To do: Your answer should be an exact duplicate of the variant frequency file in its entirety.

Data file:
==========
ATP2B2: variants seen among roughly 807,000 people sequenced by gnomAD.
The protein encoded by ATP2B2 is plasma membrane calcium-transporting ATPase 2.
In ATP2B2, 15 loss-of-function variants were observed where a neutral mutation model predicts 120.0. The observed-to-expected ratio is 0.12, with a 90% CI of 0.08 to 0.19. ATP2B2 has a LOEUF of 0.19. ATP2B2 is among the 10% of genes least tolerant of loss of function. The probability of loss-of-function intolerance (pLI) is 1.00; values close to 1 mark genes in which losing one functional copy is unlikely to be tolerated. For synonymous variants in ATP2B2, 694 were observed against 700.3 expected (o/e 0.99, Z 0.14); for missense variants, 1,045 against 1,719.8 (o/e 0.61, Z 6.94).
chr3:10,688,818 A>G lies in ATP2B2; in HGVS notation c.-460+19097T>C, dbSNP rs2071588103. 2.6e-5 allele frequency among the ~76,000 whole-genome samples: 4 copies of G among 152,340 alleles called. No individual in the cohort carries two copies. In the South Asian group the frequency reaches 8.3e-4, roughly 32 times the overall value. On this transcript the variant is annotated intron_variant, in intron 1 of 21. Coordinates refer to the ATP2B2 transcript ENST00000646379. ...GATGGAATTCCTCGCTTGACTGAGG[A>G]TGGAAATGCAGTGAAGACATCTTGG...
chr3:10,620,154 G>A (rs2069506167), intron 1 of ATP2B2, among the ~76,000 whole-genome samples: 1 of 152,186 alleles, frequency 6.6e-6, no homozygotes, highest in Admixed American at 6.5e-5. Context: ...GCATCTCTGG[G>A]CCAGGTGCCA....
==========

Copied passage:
ATP2B2: variants seen among roughly 807,000 people sequenced by gnomAD.
The protein encoded by ATP2B2 is plasma membrane calcium-transporting ATPase 2.
In ATP2B2, 15 loss-of-function variants were observed where a neutral mutation model predicts 120.0. The observed-to-expected ratio is 0.12, with a 90% CI of 0.08 to 0.19. ATP2B2 has a LOEUF of 0.19. ATP2B2 is among the 10% of genes least tolerant of loss of function. The probability of loss-of-function intolerance (pLI) is 1.00; values close to 1 mark genes in which losing one functional copy is unlikely to be tolerated. For synonymous variants in ATP2B2, 694 were observed against 700.3 expected (o/e 0.99, Z 0.14); for missense variants, 1,045 against 1,719.8 (o/e 0.61, Z 6.94).
chr3:10,688,818 A>G lies in ATP2B2; in HGVS notation c.-460+19097T>C, dbSNP rs2071588103. 2.6e-5 allele frequency among the ~76,000 whole-genome samples: 4 copies of G among 152,340 alleles called. No individual in the cohort carries two copies. In the South Asian group the frequency reaches 8.3e-4, roughly 32 times the overall value. On this transcript the variant is annotated intron_variant, in intron 1 of 21. Coordinates refer to the ATP2B2 transcript ENST00000646379. ...GATGGAATTCCTCGCTTGACTGAGG[A>G]TGGAAATGCAGTGAAGACATCTTGG...
chr3:10,620,154 G>A (rs2069506167), intron 1 of ATP2B2, among the ~76,000 whole-genome samples: 1 of 152,186 alleles, frequency 6.6e-6, no homozygotes, highest in Admixed American at 6.5e-5. Context: ...GCATCTCTGG[G>A]CCAGGTGCCA....